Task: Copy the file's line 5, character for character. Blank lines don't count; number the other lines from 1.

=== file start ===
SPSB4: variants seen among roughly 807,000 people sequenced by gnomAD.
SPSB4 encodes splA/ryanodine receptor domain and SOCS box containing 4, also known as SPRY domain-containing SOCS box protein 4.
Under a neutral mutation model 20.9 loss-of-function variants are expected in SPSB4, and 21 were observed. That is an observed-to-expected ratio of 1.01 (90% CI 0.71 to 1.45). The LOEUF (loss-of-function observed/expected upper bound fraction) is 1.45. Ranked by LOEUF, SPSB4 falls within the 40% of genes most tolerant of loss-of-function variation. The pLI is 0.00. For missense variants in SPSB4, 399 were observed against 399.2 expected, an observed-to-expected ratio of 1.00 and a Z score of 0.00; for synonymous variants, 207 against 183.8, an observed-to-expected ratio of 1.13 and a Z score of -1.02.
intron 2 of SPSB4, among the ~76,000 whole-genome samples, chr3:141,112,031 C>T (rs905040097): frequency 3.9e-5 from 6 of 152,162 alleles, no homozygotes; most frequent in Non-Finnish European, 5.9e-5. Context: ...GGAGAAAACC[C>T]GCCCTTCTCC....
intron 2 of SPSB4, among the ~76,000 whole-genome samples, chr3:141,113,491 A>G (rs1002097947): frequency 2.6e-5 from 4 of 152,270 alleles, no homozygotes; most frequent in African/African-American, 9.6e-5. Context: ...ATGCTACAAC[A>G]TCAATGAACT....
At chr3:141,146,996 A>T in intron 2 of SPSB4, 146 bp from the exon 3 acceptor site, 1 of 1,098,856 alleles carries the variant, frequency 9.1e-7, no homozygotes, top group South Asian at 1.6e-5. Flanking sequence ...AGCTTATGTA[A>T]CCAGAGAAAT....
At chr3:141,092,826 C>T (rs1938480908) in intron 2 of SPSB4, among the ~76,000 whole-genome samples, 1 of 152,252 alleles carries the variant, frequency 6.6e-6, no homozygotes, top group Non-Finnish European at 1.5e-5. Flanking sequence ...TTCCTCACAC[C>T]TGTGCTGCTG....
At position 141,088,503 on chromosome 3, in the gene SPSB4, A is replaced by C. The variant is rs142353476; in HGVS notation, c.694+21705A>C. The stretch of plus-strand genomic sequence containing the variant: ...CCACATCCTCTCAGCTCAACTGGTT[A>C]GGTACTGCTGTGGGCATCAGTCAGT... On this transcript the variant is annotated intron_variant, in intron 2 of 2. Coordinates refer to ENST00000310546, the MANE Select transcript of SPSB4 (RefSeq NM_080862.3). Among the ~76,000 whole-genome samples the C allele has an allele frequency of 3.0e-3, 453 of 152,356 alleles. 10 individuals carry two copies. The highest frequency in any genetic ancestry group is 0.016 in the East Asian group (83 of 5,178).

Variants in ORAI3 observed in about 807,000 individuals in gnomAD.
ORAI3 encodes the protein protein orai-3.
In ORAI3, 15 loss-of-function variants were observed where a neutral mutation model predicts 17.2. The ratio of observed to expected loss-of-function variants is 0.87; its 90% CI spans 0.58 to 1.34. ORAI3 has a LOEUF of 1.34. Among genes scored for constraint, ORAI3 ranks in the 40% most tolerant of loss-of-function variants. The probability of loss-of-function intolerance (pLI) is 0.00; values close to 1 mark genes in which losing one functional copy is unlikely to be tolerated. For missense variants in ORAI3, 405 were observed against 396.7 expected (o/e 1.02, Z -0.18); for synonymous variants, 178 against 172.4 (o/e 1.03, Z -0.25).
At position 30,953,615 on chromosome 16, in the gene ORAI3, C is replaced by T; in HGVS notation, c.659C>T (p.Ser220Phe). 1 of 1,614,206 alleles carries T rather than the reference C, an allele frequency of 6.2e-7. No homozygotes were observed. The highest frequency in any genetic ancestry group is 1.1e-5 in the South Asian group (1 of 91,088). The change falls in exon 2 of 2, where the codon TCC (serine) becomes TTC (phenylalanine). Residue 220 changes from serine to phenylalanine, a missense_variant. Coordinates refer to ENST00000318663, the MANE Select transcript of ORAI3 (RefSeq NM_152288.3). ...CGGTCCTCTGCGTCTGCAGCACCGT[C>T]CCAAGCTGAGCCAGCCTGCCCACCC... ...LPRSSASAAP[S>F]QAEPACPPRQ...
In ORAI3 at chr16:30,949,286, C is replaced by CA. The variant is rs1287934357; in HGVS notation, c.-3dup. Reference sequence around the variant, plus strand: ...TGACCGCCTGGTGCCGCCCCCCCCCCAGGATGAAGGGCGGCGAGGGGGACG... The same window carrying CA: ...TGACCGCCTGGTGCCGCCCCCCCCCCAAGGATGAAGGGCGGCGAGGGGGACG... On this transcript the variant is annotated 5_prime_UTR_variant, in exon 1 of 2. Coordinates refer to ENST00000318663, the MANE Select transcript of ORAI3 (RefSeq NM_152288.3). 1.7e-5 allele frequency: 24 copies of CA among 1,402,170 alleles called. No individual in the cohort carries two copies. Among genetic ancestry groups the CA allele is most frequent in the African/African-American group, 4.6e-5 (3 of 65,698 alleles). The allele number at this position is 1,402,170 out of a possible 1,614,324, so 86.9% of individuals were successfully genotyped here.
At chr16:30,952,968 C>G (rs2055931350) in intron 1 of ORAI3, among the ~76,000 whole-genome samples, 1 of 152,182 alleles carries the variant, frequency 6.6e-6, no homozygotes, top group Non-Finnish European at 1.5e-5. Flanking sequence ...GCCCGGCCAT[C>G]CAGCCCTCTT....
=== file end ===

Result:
intron 2 of SPSB4, among the ~76,000 whole-genome samples, chr3:141,113,491 A>G (rs1002097947): frequency 2.6e-5 from 4 of 152,270 alleles, no homozygotes; most frequent in African/African-American, 9.6e-5. Context: ...ATGCTACAAC[A>G]TCAATGAACT....